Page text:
Once only found in the realm of hybrid-electric models, Stop-Start systems have now become common technology found on luxury and economy vehicles alike. Many vehicle systems were rethought and revamped as a part of the adoption of engine Stop-Start, with both mechanical and electrical components having to change to accommodate its requirements.
An Overview of Engine Stop-Start Systems
Most engine Stop-Start systems work the same way. The differences are generally in details, such as what conditions must be present for the Stop-Start system to engage or disengage.
Stop-Start systems work by shutting down the engine when the vehicle is stopped and restarting it when the vehicle is ready to move again. Most are engaged by a complete vehicle stop (often after a short pause to ensure the stop is not momentary). The system remains engaged until the driver releases the brake pedal, indicating to the throttle to begin moving again. Most manufacturers have timed the restart to coincide with the point where the driver’s foot will most likely be on the throttle, in order to make the process as seamless as possible.
An engine Stop-Start system can also restart the engine when other parameters are in place, such as when the air conditioning compressor needs to operate or when engine coolant should be circulated. Most systems also monitor battery power availability and the vehicle’s power usage in order to avoid excessive battery drain when the engine isn’t running.
The goal of a Stop-Start system is to improve in-city fuel economy during stop-and-go driving. In most deployments, these systems can add 3-10 percent efficiency to the vehicle’s fuel economy. Most vehicles see about 5 percent improvement.
The engineering challenges involved with mass adoption of Stop-Start systems, however, was not simple. Most traditional starting system components were designed for a relatively limited number of startup cycles. A Stop-Start system engages the starting circuit, on average, 100 times more often than traditional systems. This meant that fundamental changes to the starting circuit – something that had remained largely unchanged for decades – were required.
What Has Changed in the Stop-Start Starting Circuit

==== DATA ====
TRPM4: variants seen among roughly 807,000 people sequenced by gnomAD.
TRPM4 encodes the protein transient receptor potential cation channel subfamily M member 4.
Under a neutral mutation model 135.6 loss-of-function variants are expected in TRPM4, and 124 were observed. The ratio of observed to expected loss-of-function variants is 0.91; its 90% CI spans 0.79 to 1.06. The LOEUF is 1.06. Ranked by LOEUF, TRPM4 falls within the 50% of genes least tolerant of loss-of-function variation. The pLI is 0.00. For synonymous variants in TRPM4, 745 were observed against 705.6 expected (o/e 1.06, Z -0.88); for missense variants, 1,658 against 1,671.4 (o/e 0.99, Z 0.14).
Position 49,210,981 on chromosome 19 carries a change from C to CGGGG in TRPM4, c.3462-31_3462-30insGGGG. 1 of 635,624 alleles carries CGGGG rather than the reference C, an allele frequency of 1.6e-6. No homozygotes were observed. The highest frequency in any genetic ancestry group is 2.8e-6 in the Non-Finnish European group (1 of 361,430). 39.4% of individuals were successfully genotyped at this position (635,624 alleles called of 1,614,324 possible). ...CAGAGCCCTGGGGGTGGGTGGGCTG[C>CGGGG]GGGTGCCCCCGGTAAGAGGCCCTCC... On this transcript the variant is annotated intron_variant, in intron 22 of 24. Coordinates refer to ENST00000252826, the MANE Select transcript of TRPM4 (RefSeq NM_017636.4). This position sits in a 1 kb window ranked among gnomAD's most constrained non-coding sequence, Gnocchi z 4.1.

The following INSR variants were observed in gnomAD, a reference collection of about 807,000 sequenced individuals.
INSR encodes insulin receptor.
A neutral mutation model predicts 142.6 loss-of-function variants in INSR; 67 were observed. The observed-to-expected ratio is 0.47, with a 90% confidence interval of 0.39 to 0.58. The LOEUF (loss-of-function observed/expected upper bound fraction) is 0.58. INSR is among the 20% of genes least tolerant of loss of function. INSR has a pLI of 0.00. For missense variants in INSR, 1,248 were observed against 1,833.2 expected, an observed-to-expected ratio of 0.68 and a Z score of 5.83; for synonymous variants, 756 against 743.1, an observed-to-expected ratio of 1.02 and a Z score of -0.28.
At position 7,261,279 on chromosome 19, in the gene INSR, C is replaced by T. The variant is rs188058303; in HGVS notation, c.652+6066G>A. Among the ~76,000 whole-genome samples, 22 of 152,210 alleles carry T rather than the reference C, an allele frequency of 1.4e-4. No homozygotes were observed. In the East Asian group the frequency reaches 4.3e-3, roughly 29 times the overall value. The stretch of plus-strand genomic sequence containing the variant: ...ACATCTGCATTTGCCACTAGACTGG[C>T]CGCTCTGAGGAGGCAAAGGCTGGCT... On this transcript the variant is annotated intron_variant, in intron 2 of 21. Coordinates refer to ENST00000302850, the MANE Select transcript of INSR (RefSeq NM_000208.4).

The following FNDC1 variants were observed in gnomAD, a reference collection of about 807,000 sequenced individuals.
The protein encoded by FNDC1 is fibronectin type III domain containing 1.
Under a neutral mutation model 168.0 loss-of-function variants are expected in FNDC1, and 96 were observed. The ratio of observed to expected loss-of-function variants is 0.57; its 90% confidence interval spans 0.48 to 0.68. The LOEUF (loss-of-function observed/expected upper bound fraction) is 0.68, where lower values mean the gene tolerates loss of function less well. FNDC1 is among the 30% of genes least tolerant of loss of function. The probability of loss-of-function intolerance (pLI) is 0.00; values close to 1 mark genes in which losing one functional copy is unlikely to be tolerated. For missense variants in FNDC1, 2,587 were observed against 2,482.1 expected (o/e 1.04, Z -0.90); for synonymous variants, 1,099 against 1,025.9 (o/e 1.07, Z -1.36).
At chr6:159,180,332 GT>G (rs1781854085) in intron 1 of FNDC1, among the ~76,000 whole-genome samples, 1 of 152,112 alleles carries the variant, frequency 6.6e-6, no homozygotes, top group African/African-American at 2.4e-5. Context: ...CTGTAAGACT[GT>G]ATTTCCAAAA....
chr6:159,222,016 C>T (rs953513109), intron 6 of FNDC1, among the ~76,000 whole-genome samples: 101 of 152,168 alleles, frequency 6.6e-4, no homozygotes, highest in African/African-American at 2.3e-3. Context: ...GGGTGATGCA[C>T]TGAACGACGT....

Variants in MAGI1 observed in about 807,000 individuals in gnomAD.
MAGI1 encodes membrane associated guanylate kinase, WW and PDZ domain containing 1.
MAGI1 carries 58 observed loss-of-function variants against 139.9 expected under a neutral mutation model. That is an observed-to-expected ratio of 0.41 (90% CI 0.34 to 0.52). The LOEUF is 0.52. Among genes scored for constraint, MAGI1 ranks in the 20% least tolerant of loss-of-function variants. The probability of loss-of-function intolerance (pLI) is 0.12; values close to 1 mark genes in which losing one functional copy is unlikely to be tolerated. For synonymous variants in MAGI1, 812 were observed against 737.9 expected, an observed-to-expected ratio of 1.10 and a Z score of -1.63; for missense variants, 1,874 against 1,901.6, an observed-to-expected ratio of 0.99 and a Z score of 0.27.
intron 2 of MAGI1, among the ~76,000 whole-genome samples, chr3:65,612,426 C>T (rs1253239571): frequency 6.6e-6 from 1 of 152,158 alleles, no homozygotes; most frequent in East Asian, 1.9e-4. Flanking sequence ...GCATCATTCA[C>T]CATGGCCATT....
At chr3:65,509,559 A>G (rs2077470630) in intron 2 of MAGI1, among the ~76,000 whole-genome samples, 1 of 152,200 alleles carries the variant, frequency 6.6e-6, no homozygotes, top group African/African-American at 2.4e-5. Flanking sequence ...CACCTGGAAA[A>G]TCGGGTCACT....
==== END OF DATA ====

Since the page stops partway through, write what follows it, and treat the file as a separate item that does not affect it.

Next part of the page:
Today’s vehicles, designed to operate with Stop-Start as a core technology, have several upgrades designed to mitigate the issues that may arise as a result of stopping and starting the engine many times on a daily basis. It begins with the most fundamental part of the starting system: the starter.
Traditionally, automotive engines had a spring-loaded pinion gear, designed in 1917 by Charles Kettering, to engage and disengage from the flywheel during engine startup. The device would push the gear into place during engine start and then pull it off the flywheel once the engine cranked to a start. This device was key to “crankless” engine technology. Kettering’s system worked fine when the cranks only happened a few times a day and time was not a factor. With Stop-Start systems, however, time becomes a factor because no one wants to be sitting for extended periods at a stoplight that’s just turned green.
Stop-Start systems typically use a totally different starter design but also utilize a different methodology for interaction between the starter and the rest of the system. As noted in this article from greencarreports.com, “The gear ratio from the starter-drive pinion to the flywheel ring gear is optimized to make the starter’s motor turn more slowly. This can be done without materially changing the design of the transmission or flywheel at all on existing designs. Crucially, this reduces starter-motor speed (in RPM), since 90 percent of starter-motor brush wear occurs not during cranking, but during the coast-down after the start has finished. If a higher-torque motor can spin more slowly, its coast-down time is shorter, increasing its longevity.” The crux of the article was about why Stop-Start systems don’t destroy starters as a result of the many more stops and starts seen by these systems, but it also does a great job of explaining how the entire system has been reengineered to achieve the goals of Stop-Start.
In addition, some automakers have begun to dispense with the starter altogether, moving instead to combustion-based startups. Mazda uses a starter for initial cranking of the engine when cold, but otherwise uses a sparked firing in a cylinder to turn the crank and begin the start process without a starter during Stop-Start operations.
Engine Issues Remedied
One of the greatest issues with Stop-Start systems is the question of engine wear. It’s well known that a cold engine start is the most vulnerable time for an engine, in terms of wear and tear. Lubricants haven’t circulated, things are still cold (and thus “looser”), and RPM are generally higher. With Stop-Start, however, the engine is already at temperature, lubricants are warm and circulated and RPM is lower.
There were still issues, however, including increased wear potential and the “rattle” that occurs during startup. That rattle, which happens because the starter is generally not as smooth as a running engine when it comes to turning the crank, became the biggest problem to overcome. The solution was having dry lubricants on vulnerable components in the engine and improved bearings for smoother operation. Most components in an engine were expected to have a 50,000 start cycle lifespan a decade ago. Thanks to these improvements, those components now have three to four times traditional lifespans.